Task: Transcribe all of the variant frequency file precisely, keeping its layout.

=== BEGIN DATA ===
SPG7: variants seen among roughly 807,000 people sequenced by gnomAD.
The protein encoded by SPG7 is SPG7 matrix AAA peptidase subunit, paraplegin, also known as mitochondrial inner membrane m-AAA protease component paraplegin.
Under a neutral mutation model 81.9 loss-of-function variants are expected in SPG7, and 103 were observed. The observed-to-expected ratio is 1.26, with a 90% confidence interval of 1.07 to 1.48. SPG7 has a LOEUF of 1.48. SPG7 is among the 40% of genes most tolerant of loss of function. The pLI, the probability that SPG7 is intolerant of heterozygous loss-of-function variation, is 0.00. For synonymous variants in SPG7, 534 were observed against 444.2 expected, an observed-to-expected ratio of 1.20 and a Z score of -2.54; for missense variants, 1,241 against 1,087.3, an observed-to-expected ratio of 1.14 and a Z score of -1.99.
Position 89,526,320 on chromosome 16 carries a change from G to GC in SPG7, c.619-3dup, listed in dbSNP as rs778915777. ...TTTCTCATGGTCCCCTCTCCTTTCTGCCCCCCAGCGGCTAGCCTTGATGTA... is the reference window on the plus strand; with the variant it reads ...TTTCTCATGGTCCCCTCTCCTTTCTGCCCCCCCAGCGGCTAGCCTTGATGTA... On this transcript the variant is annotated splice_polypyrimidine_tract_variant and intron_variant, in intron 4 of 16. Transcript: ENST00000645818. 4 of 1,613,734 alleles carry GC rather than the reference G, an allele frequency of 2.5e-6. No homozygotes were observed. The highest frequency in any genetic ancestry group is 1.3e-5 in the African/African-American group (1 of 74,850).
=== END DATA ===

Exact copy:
SPG7: variants seen among roughly 807,000 people sequenced by gnomAD.
The protein encoded by SPG7 is SPG7 matrix AAA peptidase subunit, paraplegin, also known as mitochondrial inner membrane m-AAA protease component paraplegin.
Under a neutral mutation model 81.9 loss-of-function variants are expected in SPG7, and 103 were observed. The observed-to-expected ratio is 1.26, with a 90% confidence interval of 1.07 to 1.48. SPG7 has a LOEUF of 1.48. SPG7 is among the 40% of genes most tolerant of loss of function. The pLI, the probability that SPG7 is intolerant of heterozygous loss-of-function variation, is 0.00. For synonymous variants in SPG7, 534 were observed against 444.2 expected, an observed-to-expected ratio of 1.20 and a Z score of -2.54; for missense variants, 1,241 against 1,087.3, an observed-to-expected ratio of 1.14 and a Z score of -1.99.
Position 89,526,320 on chromosome 16 carries a change from G to GC in SPG7, c.619-3dup, listed in dbSNP as rs778915777. ...TTTCTCATGGTCCCCTCTCCTTTCTGCCCCCCAGCGGCTAGCCTTGATGTA... is the reference window on the plus strand; with the variant it reads ...TTTCTCATGGTCCCCTCTCCTTTCTGCCCCCCCAGCGGCTAGCCTTGATGTA... On this transcript the variant is annotated splice_polypyrimidine_tract_variant and intron_variant, in intron 4 of 16. Transcript: ENST00000645818. 4 of 1,613,734 alleles carry GC rather than the reference G, an allele frequency of 2.5e-6. No homozygotes were observed. The highest frequency in any genetic ancestry group is 1.3e-5 in the African/African-American group (1 of 74,850).